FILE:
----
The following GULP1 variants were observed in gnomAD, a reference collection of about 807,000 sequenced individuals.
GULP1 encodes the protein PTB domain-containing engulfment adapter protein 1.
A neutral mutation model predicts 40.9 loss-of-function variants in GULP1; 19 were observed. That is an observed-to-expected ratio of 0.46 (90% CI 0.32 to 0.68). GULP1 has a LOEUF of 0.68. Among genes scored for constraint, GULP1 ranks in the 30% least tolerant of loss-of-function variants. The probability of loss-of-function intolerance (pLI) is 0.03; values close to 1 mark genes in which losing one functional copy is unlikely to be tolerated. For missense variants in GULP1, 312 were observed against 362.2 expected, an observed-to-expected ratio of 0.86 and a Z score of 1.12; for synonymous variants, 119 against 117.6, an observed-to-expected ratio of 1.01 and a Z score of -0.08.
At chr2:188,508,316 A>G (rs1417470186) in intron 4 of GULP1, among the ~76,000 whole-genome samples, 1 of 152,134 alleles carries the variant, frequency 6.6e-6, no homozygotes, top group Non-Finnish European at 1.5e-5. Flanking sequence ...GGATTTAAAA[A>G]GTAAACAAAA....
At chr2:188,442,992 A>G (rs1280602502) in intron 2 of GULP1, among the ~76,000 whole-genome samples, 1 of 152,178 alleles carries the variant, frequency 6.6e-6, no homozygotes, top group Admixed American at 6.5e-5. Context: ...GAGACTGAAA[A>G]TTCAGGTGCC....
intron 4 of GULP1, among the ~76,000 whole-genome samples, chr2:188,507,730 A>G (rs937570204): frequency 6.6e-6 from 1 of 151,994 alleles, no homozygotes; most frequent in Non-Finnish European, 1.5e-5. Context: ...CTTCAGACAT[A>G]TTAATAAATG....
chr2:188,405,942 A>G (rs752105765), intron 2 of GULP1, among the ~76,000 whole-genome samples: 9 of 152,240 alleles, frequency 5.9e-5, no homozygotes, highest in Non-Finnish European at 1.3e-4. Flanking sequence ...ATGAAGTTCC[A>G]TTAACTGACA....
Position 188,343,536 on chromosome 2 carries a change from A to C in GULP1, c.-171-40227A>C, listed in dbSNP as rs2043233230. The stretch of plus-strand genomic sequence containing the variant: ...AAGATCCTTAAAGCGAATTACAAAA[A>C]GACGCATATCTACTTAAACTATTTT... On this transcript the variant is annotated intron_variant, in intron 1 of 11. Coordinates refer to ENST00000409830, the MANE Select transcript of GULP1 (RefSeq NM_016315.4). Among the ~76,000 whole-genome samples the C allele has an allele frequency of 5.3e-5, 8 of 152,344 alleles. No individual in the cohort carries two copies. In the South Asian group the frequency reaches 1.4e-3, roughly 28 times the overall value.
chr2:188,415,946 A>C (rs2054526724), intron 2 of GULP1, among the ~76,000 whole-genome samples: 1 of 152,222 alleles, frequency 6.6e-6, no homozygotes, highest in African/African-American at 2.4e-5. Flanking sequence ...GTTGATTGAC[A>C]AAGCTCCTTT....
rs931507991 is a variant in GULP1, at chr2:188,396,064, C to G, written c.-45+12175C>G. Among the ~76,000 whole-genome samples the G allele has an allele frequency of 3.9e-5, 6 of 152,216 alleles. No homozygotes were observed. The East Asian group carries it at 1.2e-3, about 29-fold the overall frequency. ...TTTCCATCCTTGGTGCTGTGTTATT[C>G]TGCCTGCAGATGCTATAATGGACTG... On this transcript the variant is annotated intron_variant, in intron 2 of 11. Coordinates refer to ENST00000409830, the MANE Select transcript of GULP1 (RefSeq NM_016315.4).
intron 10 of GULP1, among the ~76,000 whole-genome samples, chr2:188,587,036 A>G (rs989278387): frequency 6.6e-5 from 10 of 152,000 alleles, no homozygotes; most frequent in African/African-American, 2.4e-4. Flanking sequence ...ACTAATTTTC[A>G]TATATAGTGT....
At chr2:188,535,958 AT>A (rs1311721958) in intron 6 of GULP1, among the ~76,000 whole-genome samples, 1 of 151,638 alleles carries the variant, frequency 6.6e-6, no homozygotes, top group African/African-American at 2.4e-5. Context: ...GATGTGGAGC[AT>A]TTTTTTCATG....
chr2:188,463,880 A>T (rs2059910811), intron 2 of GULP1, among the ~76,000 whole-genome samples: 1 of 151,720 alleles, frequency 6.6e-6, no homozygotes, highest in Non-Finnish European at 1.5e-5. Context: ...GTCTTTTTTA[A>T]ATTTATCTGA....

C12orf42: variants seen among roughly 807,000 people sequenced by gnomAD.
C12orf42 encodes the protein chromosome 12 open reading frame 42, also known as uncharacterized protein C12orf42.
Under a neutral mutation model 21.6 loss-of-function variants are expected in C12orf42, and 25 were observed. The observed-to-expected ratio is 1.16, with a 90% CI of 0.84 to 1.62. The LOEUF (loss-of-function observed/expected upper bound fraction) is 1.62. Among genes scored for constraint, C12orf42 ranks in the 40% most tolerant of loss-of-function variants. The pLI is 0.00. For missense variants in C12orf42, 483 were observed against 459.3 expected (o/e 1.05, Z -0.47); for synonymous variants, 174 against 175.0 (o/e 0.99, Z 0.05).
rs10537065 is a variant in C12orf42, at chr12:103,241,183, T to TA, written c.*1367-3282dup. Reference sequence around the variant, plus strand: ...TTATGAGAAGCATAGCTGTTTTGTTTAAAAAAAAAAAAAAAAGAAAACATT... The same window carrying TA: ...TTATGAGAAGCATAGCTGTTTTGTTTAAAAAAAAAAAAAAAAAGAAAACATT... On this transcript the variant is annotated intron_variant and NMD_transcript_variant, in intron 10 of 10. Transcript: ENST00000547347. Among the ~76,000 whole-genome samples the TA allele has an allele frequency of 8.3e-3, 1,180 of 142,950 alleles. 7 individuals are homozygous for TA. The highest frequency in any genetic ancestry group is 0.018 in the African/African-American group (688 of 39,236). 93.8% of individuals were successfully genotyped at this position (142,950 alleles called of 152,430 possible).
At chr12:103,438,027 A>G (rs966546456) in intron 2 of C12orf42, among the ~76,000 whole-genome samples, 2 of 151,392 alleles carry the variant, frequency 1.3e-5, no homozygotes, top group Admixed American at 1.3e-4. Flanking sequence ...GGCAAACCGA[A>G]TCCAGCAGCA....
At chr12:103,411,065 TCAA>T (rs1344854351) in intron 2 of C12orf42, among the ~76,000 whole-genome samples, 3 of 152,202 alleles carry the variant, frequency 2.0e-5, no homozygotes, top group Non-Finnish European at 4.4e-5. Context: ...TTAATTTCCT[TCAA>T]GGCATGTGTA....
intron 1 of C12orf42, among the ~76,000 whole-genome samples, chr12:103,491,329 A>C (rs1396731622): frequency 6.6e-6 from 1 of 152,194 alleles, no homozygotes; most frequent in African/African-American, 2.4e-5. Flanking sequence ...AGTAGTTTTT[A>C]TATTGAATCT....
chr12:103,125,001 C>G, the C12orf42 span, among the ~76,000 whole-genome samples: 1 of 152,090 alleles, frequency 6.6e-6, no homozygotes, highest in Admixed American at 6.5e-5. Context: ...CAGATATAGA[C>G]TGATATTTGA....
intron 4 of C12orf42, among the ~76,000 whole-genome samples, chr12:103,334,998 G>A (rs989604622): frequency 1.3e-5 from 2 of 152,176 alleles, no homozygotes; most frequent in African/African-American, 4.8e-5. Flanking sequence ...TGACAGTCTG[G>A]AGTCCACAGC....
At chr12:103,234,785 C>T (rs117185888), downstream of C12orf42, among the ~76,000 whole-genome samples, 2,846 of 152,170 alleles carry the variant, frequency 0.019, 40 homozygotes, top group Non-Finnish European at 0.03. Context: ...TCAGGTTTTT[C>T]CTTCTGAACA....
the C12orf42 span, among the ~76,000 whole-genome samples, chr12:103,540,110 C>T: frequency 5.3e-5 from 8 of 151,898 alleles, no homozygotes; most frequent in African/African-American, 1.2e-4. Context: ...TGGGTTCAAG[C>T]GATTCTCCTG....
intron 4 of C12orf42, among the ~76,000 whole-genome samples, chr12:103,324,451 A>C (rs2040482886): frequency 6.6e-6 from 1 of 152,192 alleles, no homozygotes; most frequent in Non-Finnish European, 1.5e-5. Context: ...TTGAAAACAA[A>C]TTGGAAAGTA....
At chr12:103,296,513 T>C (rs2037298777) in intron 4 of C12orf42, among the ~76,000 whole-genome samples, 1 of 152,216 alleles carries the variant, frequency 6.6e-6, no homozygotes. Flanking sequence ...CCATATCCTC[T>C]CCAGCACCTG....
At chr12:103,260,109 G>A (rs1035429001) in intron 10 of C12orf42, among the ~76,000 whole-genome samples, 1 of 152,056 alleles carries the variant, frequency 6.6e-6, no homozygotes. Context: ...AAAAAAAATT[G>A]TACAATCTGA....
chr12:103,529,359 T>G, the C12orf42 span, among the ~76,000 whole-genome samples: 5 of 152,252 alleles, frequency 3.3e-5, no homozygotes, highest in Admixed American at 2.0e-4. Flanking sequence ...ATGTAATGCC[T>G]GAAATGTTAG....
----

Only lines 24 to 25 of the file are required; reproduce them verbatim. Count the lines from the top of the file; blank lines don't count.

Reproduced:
the C12orf42 span, among the ~76,000 whole-genome samples, chr12:103,540,110 C>T: frequency 5.3e-5 from 8 of 151,898 alleles, no homozygotes; most frequent in African/African-American, 1.2e-4. Context: ...TGGGTTCAAG[C>T]GATTCTCCTG....
intron 4 of C12orf42, among the ~76,000 whole-genome samples, chr12:103,324,451 A>C (rs2040482886): frequency 6.6e-6 from 1 of 152,192 alleles, no homozygotes; most frequent in Non-Finnish European, 1.5e-5. Context: ...TTGAAAACAA[A>C]TTGGAAAGTA....